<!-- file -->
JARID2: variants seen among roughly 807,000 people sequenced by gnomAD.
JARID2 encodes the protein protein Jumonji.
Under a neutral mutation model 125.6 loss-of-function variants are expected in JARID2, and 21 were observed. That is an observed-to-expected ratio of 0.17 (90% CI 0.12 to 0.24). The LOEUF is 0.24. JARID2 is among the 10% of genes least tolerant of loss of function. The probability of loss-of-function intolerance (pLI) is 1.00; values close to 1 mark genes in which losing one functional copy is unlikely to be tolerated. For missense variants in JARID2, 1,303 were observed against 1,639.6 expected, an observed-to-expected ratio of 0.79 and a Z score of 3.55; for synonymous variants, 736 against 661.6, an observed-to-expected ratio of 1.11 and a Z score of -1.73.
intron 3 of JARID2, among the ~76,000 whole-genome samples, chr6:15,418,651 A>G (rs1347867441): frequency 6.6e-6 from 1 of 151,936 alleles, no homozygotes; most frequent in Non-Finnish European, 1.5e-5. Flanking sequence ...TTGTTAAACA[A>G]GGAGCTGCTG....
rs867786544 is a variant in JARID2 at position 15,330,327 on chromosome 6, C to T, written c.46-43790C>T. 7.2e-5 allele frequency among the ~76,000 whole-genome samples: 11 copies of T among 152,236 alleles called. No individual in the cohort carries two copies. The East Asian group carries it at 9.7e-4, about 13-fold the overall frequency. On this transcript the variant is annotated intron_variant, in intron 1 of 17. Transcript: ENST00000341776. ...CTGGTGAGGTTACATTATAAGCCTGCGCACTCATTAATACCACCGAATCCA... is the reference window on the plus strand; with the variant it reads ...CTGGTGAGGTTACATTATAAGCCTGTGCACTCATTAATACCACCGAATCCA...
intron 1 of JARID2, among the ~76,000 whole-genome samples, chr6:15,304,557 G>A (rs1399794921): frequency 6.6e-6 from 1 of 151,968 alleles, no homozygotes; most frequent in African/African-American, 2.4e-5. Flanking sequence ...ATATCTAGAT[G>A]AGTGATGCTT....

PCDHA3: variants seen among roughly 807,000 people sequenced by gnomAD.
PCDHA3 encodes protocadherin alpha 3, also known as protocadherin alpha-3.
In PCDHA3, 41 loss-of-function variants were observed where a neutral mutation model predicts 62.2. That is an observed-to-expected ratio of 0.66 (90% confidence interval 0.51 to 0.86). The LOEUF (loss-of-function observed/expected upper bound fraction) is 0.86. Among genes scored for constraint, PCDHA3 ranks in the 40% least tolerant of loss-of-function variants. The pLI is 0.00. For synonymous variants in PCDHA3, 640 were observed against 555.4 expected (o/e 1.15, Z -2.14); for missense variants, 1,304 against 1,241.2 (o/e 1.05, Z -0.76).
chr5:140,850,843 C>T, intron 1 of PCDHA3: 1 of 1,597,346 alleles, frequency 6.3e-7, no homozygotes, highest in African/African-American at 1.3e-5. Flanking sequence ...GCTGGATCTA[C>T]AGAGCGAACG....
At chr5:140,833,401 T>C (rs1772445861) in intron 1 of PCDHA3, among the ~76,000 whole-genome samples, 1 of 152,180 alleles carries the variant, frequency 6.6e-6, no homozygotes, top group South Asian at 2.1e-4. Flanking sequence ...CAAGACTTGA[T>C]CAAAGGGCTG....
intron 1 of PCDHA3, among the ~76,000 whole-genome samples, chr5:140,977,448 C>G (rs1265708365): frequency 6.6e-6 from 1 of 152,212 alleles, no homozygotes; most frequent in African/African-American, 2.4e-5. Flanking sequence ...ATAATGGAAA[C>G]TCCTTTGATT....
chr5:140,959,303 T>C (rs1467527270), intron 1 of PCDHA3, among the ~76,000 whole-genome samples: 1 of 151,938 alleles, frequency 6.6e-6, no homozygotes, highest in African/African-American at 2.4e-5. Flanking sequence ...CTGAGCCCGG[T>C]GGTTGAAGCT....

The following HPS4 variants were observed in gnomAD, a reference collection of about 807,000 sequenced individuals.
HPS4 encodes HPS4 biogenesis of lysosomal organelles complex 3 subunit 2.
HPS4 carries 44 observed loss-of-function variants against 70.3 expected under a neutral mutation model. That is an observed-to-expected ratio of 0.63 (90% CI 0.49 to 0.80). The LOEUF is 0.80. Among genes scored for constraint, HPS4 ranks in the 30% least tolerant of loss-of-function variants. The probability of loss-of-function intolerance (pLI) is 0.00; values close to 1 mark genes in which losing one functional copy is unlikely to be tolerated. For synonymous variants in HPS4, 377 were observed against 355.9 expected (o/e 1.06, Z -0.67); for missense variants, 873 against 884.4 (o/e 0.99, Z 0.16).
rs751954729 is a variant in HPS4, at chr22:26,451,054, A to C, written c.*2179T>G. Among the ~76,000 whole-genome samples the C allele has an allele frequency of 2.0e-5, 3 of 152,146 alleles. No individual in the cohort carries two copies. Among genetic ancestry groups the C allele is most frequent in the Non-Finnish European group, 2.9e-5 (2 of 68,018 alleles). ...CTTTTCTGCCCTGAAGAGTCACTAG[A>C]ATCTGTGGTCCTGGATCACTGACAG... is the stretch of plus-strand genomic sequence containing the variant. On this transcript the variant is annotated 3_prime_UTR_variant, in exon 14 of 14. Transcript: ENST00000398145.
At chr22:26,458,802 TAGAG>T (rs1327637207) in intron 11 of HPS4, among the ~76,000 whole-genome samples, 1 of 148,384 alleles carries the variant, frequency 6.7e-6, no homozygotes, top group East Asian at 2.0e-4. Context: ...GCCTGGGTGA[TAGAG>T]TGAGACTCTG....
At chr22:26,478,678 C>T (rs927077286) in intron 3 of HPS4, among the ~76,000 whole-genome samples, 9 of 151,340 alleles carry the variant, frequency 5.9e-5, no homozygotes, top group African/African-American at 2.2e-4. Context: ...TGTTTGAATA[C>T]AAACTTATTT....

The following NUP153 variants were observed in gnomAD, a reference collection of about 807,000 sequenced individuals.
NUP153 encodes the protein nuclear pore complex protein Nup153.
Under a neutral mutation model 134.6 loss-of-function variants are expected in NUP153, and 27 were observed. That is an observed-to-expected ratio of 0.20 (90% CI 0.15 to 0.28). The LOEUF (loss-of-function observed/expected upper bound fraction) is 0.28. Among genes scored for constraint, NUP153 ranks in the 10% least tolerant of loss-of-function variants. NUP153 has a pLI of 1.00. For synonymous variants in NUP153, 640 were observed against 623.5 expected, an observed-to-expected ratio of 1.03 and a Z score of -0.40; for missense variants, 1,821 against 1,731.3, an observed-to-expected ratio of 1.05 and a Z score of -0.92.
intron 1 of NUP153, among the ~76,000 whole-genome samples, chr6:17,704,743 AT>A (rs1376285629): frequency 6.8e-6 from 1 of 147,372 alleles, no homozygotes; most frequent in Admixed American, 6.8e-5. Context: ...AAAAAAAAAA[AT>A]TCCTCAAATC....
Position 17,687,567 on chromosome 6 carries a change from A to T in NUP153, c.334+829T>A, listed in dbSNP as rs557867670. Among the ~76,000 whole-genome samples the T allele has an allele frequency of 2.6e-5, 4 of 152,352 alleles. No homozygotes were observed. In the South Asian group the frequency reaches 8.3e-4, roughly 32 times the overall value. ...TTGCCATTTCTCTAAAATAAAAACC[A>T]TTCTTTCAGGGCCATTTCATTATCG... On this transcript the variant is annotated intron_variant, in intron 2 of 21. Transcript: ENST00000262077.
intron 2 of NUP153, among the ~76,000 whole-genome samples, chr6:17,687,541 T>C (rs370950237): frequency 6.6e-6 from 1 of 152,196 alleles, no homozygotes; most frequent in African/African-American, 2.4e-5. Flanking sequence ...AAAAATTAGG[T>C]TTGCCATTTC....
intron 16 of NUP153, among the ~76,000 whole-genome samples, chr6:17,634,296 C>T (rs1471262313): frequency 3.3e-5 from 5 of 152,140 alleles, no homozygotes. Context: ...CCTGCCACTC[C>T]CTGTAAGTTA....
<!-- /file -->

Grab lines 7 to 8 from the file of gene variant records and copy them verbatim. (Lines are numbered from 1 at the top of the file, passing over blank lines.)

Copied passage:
PCDHA3: variants seen among roughly 807,000 people sequenced by gnomAD.
PCDHA3 encodes protocadherin alpha 3, also known as protocadherin alpha-3.